by Kristin Thiel
The mark of a well-written book is layers: “It sounded good, but there was a threat behind her words.” To be clear, after a quotation such as that, Song of the Orange Moons is not a thriller—except in the way that all coming-of-age stories are scary and exhilarating—but there is an intensity behind each of author Lori Ann Stephens’s carefully chosen words that makes this short yet still sprawling history of three females so enjoyable to read.
Three friends, two young and one their grandmother’s age, take turns narrating: Rebecka, the first child born to a stern missionary and a Colombian woman who still practices her people’s religion in secret; Helen, who battles her perceived desirability, the communal lifestyle of her boarding school, and her family’s Judaism by keeping a Journal of Touches; and Adelle, the elderly widow who eventually comes to speak not only for herself but also for Rebecka, Helen, and future members of their “family.”
It’s sweet that Stephens plays obviously with images, such as those of the sun and moon and water and things that make our legs itch, and with colors, orange, black, and violet. It’s downright beautiful when she links her ideas with themes unnamed: The sun and the moon are present in Rebecka’s mother’s arms, which move “mechanically in circles, in arches, as though if she stopped moving, a sadness would cave in all around her” while she obsessively fills the days after her son’s death making “casseroles and empanadas, breads, cakes, flan, and the refrigerator slowly filled each day with unbroken breads and sealed dishes.” Her tic of grief becomes a life-sustaining necessity, nourishing things being also inaccessible. Adelle, too, rolls and kneads dough that she knows won’t turn out: “I never made pastry rolls for the end result.”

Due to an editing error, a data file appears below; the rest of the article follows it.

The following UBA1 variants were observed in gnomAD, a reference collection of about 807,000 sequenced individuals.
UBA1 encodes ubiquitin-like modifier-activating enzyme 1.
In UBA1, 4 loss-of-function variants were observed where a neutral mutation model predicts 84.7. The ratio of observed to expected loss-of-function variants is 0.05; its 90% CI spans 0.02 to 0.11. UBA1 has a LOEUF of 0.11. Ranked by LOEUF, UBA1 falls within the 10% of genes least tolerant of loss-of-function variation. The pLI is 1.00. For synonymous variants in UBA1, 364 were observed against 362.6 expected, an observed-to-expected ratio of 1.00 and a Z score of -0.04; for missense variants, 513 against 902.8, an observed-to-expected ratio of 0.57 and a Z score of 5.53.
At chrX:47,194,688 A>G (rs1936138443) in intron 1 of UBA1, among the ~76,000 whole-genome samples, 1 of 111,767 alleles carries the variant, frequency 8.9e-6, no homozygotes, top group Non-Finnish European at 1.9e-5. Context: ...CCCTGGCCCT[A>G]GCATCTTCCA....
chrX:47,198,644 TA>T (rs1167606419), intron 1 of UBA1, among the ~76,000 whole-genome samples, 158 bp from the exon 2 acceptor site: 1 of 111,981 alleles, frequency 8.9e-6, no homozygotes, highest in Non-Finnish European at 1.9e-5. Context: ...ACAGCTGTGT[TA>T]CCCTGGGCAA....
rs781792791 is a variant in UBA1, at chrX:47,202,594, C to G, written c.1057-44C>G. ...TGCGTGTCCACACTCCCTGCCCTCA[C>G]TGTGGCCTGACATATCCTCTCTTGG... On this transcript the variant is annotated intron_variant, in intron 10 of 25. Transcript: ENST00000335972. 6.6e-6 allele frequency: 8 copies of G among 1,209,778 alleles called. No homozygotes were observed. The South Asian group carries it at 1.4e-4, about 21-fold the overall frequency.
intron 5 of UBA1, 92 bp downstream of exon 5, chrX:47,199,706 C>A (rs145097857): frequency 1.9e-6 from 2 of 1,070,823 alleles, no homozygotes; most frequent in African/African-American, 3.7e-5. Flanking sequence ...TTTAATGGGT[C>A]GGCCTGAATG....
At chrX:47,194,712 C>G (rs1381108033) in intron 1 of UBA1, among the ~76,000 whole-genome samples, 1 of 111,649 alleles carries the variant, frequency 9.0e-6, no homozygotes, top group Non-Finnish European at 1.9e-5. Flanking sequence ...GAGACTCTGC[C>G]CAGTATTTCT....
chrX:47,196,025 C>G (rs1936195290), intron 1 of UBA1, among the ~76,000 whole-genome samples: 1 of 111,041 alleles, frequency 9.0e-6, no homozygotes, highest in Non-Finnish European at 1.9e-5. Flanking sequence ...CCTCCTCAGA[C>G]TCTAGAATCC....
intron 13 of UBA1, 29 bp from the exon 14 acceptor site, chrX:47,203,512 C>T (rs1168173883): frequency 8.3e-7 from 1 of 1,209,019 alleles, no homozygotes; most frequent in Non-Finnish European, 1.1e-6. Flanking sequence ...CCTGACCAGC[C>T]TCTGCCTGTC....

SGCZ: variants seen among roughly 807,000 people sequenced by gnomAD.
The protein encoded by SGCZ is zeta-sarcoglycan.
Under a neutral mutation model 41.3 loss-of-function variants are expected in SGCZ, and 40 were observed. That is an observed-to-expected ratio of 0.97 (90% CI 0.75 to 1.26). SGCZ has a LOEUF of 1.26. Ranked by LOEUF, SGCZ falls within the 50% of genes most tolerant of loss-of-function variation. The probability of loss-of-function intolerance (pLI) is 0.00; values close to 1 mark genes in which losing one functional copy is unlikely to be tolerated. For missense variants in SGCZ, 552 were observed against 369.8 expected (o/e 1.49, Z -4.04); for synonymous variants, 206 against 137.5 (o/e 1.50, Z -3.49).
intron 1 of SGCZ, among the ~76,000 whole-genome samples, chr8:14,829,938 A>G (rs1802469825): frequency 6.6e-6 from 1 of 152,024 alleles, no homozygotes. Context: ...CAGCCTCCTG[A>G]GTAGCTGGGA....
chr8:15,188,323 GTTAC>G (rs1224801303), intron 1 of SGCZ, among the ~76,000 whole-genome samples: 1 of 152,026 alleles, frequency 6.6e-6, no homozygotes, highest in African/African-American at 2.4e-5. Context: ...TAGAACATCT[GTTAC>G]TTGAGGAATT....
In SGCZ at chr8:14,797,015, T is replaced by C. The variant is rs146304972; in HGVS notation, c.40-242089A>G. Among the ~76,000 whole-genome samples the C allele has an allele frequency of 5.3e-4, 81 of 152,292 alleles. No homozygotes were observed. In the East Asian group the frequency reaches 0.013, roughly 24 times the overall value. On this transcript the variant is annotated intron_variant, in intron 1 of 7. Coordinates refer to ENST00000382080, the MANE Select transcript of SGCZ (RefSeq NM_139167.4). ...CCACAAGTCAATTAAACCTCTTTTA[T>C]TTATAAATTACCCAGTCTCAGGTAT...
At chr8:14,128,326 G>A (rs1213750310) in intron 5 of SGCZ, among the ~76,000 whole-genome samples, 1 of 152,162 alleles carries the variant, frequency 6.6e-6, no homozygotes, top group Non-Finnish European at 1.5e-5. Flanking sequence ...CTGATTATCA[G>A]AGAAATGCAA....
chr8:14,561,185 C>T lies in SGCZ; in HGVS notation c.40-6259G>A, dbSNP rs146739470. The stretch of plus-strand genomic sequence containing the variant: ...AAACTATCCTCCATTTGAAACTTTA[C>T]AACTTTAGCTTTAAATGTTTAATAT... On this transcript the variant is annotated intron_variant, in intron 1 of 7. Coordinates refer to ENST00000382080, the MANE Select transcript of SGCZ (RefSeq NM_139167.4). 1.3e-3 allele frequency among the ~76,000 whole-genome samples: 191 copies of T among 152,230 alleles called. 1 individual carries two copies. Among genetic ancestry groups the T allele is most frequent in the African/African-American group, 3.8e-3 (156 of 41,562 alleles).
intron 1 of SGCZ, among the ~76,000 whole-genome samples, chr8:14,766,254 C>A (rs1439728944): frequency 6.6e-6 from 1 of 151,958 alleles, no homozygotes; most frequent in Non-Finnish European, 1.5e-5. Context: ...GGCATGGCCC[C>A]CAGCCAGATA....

There are several ways to portray young characters well, and many more ways to turn every descriptor into a blinking red arrow. Stephens is solidly in the former camp. At one point, Rebecka is “watching a loaf of bread tucked under a thin cloth”; at another, she describes a silence as so deep that “I can hear my nose whistle.” When their aunt says someone else changes her hair color “like a whore changes underwear,” Helen and her siblings giggle not at the first noun, of which they have no understanding, but at the second. Yet with a subtlety that can’t be pinpointed in one stand-alone phrase, Rebecka convinces the reader that she at once believes that the sun sleeps in Helen’s west-backing house and understands that it cannot be so. In such ways, Stephens shows great skill in negotiating Rebecka’s late grade-school age.
Song of the Orange Moons is not a perfect book; more cross-description between the characters, for example, would have been welcome, and because Stephens so clearly takes care in making each phrase matter, the few times she slips stand out. But one of the best compliments a reader can give a writer is to pay this kind of attention. We hear every word Rebecka, Helen, and Adelle are kind enough to give us.
Rain Taxi Online Edition, Spring 2011 | © Rain Taxi, Inc. 2011